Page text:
Clay soils are marine deposits that followed the ice age, where the Champlain Sea. In the Greater Montreal area, there are several sectors with clay soil. There is an important relationship between the clay soil and the movement of the foundations.

Foundation movement

Foundations, including walls and footing, distribute building loads on the floor. For this reason, the movements of the foundations (walls and footings) affect the structure of the building as well as the elements of the envelope and the interior finish. In case of movement of foundations, it is important to check and solve the problem of stability of foundations, before proceeding to repair the structure and components affected by this movement. Indeed, if the movement continues, the damage in the interior elements and in the envelope will worsen.

Here is a non-exhaustive list of probable causes of movement of foundations:

  • Inadequate foundation drainage - Unsuitable drainage of building foundations, such as the absence of a French drain, a non-functional drain, or exterior landscaping that requires drainage of foundations (negative slope, gutter downspouts that drain foundations, lack of gutters, etc.).
  • Weakness of foundation walls - Foundation walls that do not have the capacity to withstand the lateral force of the soil and / or frost. In general, concrete block foundations are less resistant to lateral forces than concrete foundation walls.
  • Inadequate foundation soles - Insoles too small that do not have the rigidity to support the loads.
  • Insufficient Frost Depth - Foundations are not deep enough and not insulated to resist freezing and thawing.
  • Concrete Weakness and Inappropriate Concrete Resistance - Foundation concrete is weak and lacks adequate strength to withstand imposed loads. In buildings of the 1930 years and earlier, there is often concrete with a capacity less than 15 MPA.
  • Low soil bearing capacity - Very low soil with inadequate bearing capacity and undisturbed soil.
  • Clay soil dewatering - The presence of clay soil beneath the building that inflates and contracts greatly depending on the amount of water in the soil.

Clay soils

Clay soils include clays and silts. "The word clay usually means soils containing a quantity of clay particles sufficient to confer cohesion and plasticity" (Soil mechanics, Vincent Robitaille and Denis Tremblay).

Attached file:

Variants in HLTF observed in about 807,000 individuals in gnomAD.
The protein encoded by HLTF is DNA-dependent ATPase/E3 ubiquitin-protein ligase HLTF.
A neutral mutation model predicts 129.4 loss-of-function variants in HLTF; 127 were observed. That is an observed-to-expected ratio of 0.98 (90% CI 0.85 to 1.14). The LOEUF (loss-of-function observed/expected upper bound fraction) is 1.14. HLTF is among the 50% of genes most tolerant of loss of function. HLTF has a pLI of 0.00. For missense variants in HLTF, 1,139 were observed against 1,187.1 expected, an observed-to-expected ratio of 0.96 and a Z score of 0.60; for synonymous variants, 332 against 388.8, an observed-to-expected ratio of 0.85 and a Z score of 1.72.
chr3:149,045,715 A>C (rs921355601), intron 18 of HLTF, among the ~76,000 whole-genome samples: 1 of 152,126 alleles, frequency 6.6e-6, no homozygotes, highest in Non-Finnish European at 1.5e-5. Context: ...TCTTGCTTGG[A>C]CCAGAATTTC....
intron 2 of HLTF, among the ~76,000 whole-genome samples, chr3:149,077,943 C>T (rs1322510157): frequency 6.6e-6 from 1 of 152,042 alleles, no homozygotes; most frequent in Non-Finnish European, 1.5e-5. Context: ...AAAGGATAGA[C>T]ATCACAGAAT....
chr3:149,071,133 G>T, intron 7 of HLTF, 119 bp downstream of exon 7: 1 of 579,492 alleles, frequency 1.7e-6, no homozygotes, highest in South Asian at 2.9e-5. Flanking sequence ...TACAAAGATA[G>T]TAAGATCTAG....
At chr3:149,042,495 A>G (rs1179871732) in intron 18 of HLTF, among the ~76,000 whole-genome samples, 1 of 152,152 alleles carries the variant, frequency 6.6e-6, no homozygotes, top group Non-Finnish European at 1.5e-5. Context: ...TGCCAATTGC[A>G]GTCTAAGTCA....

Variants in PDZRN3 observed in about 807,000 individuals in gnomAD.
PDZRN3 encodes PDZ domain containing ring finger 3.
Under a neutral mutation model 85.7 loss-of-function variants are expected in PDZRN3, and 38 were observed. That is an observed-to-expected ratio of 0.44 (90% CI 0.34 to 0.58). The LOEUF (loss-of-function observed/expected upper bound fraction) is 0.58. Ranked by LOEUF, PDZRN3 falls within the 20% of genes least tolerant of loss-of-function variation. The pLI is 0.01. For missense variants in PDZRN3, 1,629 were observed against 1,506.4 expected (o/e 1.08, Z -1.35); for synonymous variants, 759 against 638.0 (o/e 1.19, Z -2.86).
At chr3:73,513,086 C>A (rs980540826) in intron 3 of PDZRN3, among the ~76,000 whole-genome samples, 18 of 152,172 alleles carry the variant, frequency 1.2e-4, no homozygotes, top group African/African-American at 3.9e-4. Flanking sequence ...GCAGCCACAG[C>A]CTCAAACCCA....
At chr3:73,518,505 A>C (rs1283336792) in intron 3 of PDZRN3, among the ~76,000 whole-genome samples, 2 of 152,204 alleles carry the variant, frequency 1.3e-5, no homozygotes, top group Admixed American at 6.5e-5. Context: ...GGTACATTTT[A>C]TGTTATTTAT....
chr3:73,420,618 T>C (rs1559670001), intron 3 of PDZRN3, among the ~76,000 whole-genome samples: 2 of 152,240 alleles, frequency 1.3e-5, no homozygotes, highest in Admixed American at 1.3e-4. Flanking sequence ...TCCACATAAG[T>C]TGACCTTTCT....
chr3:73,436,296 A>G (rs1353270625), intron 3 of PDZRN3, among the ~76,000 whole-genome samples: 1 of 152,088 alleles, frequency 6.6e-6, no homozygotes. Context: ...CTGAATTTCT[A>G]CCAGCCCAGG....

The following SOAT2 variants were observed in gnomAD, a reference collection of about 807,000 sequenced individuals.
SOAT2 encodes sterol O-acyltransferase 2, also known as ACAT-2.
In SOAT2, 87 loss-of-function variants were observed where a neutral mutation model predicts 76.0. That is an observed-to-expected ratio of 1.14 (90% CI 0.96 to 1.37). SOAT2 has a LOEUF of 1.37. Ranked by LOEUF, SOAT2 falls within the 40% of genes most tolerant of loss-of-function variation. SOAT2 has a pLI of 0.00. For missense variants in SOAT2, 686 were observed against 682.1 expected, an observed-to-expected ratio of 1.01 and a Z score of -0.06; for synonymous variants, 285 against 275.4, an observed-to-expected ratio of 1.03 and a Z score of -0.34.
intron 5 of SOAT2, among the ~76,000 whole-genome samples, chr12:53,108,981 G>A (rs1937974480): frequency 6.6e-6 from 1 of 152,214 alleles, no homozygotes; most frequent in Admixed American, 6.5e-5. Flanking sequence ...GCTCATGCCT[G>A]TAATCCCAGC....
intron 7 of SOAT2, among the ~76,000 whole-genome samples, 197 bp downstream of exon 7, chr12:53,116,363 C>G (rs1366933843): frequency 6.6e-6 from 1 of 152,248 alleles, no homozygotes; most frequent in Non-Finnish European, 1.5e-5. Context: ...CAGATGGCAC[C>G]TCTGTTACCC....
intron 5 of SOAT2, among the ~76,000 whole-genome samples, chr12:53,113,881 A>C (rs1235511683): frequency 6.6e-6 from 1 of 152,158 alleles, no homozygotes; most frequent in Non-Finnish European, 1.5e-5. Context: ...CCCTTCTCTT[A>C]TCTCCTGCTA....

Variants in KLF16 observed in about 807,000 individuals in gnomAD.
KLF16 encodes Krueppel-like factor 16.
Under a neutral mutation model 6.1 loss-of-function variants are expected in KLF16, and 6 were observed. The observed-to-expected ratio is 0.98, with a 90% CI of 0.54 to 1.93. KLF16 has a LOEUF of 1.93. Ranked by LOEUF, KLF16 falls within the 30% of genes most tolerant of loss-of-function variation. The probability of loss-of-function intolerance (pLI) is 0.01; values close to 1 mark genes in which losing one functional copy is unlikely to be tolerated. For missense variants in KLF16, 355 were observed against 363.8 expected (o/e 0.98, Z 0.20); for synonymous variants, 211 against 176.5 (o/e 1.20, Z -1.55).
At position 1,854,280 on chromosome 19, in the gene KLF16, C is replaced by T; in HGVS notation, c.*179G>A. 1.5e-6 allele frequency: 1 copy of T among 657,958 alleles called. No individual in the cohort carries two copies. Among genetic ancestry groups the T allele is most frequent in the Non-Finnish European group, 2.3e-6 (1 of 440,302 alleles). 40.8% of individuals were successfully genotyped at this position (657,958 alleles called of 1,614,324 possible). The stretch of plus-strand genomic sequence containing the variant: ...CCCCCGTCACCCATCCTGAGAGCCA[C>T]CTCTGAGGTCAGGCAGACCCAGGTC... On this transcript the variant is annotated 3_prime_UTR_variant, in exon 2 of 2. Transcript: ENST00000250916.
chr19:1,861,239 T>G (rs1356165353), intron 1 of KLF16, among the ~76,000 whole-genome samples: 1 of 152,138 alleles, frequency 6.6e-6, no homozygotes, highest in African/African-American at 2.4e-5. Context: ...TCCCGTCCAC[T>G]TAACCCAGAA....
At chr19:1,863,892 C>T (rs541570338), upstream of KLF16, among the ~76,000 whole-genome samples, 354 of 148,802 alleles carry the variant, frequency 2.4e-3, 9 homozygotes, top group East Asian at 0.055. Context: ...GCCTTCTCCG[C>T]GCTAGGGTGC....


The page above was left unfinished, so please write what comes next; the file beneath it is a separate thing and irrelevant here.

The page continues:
The clay particles are very fine and "when the soil is dry, the cohesion between the clay minerals is very strong: the clay then has a high shear strength and can withstand heavy loads without deformation. If however the water content is increased, the cohesion decreases, as well as the shear strength: the clay then becomes plastic and malleable. If the water content continues to increase, the clay becomes very soft and, at the limit, it can flow like a thick liquid; in such a case, the cohesion between the clay minerals as well as the shear strength are practically zero "(Mechanical Soil Book).

So, we can say that the main problem of clay soils is the variation of soil volume during changes in the amount of water in the soil.

Signs of subsidence of a building

When a building is affected by a significant subsidence problem, the following deficiencies generally occur:

  • Several cracks on the walls of foundations;
  • Shearing on the exterior cladding;
  • Structural cracks in the walls inside the building;
  • Deformations in structural elements (beams, joists, roof trusses).
clay soils, subsidence of foundation walls

Sagging foundation walls


With respect to remedial work, the following remedial work must be completed, but not limited to:

  • Drive piles to stabilize the foundations.
  • Repair cracks in foundation walls using tie plates to secure both sides of the foundation wall together. Use flexible materials such as polyurethane. to seal these cracks from the outside to the sole.
  • Properly repair shear in the brick siding, to prevent water ingress into the envelope and to ensure the integrity of this envelope.
  • Replace broken or damaged stone lintels over openings (doors and windows).
  • Check and replace any structural or other elements (beams, door columns, windows, seals, etc.) that are deformed or damaged due to subsidence of the building.
Clay soils and subsidence of foundation walls

Lateral displacement of the foundation wall